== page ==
Wetherspoon to replace champagne with British sparkling wines in the run-up to Brexit
European drinks will be replaced with British wheat beers
Wetherspoon will replace champagne with British sparkling wines as Brexit approaches.
The pub chain also intends to buy less beer from the EU and swap it for brewers in the UK and outside Europe, it has said.
Champagne will be swapped for “Denbies Sparkling Whitedowns Brut and Whitedowns Rose Brut as well as Hardys Sparkling Pinot Chardonnay from Australia”, the chain said.
The changes will be introduced from 9 July. It will also bring more UK wheat beers to the pubs and will see Erdinger’s alcohol-free beer swapped for an alternative made by UK brewer Adnams.
Wetherspoon confirmed that it would still continue to sell Kopparberg cider from Sweden, despite Brexit, and an alcohol-free option will be added to the menu. The company has said it will switch to brew the cider in the UK after Britain leaves the EU. It should bring cheaper drinks to the chain’s pubs, Wetherspoon suggested.
Boss Tim Martin has been vocal in his support for Brexit, and has repeatedly suggested that leaving the EU will allow the pub to sell more cheap alcohol from outside the continent. “This move helps us to broaden our horizons so that we create an improved offer for the 2 million customers who visit our pubs each week,” he said.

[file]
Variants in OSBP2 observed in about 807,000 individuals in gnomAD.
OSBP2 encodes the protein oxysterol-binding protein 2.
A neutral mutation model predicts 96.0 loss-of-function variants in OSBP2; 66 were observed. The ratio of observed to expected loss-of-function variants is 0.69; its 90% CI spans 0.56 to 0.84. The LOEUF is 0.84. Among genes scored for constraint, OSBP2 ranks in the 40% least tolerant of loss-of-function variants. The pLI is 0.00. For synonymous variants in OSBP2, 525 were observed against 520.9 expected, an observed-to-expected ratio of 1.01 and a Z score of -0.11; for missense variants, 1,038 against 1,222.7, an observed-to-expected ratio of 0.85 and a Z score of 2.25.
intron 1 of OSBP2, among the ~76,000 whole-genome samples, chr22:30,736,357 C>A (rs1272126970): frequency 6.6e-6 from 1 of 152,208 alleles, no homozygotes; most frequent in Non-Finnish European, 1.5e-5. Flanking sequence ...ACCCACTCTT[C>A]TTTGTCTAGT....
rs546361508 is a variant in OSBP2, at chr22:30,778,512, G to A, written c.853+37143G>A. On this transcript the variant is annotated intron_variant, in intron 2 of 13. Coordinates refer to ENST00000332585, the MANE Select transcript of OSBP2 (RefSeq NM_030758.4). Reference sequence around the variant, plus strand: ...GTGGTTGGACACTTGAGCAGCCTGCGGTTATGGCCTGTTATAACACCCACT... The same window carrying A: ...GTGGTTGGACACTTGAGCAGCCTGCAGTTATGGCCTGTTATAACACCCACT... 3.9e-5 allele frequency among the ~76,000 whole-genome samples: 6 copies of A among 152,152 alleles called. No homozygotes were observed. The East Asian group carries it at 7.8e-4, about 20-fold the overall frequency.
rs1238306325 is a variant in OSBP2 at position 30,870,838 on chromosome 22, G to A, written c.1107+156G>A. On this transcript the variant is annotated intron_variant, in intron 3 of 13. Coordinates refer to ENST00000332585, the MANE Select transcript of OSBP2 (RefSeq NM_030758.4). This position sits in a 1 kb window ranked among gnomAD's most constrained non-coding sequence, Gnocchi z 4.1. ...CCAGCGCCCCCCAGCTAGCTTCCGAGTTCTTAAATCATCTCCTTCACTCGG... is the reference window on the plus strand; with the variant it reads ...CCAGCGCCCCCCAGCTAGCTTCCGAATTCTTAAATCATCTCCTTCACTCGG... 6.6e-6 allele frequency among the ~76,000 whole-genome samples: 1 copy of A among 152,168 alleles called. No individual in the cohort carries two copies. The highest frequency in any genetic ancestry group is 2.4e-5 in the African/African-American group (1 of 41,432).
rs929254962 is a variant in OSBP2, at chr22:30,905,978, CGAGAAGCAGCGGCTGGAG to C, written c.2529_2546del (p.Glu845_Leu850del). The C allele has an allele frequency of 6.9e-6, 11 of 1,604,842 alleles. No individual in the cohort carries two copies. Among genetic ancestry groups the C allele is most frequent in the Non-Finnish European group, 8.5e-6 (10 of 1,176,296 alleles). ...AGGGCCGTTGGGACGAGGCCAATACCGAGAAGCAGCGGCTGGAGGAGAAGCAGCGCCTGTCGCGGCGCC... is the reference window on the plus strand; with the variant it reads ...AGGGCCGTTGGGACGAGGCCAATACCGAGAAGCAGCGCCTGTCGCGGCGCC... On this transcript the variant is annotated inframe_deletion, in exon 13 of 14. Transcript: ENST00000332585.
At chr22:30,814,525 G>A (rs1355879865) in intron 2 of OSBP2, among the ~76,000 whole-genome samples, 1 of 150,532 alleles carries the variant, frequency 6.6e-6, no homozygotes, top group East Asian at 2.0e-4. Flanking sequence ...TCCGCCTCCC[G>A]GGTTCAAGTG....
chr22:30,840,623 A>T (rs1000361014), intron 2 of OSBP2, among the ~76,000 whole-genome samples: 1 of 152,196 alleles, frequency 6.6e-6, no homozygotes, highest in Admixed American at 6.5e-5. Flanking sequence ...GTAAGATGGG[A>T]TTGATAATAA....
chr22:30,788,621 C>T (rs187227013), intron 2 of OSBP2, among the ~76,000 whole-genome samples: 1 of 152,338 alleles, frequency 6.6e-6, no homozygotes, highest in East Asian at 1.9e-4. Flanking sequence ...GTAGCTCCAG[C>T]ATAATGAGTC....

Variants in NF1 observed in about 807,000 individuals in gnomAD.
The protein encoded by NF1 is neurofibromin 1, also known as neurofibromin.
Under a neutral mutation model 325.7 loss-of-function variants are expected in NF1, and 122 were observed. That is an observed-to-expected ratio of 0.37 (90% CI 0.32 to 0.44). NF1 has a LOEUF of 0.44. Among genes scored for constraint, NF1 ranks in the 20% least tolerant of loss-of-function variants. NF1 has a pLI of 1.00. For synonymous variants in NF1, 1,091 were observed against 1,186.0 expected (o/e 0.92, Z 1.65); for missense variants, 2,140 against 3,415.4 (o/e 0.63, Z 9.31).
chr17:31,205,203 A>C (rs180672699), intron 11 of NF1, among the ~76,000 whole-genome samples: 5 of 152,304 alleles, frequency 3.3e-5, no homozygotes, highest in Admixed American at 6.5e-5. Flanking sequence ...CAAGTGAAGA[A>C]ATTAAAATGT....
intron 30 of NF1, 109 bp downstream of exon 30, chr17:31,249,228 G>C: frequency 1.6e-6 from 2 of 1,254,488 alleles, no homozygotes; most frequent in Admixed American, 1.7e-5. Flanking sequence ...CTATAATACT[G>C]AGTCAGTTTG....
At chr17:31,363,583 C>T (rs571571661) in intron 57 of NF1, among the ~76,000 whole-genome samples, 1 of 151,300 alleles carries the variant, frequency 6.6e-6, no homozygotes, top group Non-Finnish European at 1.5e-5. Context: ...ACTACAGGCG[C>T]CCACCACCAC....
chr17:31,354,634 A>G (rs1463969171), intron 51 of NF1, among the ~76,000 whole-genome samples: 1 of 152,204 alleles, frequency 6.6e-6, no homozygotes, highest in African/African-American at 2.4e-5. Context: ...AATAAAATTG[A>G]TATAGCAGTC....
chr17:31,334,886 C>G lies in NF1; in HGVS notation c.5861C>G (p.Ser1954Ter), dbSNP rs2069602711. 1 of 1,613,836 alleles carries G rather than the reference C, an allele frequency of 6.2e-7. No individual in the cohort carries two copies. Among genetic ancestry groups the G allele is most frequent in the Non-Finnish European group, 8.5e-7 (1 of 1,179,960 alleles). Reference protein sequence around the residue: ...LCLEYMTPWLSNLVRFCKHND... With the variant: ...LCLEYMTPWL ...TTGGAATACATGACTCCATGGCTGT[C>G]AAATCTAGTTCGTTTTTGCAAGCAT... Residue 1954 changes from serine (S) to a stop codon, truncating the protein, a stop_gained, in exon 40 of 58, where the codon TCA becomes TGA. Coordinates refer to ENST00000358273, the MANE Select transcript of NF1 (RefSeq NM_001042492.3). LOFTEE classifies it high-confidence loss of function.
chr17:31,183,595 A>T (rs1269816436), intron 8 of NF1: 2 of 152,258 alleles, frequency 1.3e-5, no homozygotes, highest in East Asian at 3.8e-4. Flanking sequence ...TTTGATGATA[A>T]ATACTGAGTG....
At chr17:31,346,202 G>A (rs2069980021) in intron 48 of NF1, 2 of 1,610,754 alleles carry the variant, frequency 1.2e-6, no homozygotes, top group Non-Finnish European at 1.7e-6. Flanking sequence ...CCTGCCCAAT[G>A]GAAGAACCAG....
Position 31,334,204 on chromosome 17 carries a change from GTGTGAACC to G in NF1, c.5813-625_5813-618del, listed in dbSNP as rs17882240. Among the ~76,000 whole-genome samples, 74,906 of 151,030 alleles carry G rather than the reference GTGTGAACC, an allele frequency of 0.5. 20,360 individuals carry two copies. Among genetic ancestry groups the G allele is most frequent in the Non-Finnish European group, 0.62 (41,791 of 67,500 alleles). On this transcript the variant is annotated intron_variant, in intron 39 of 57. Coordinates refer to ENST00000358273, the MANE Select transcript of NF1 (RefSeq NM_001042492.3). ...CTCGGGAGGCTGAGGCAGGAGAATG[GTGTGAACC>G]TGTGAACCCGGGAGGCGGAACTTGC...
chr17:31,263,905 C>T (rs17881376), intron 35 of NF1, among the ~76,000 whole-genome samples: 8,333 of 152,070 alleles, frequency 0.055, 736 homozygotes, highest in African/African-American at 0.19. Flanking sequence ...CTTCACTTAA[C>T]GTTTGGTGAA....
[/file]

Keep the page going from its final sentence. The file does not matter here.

Mr Martin said that the company will review all of its products in “the next six to 24 months”. He suggested that other companies will have to make similar changes in the future.
“The EU’s customs union is a protectionist system which is widely misunderstood,” he said.
“It imposes tariffs on the 93 per cent of the world that is not in the EU, keeping prices high for UK consumers.
“Tariffs are imposed on wine from Australia, New Zealand and the US, and also on coffee, oranges, rice and more than 12,000 other products.
“There will be an inevitable transfer of trade post-Brexit to countries outside the EU, which will reduce prices in shops and pubs.
“The products we are now introducing are at lower prices than the EU products they are replacing.
“We intend to honour existing contracts with EU suppliers, some of which have several years to run.
“However, we are starting to make the transition to non-EU trade now.”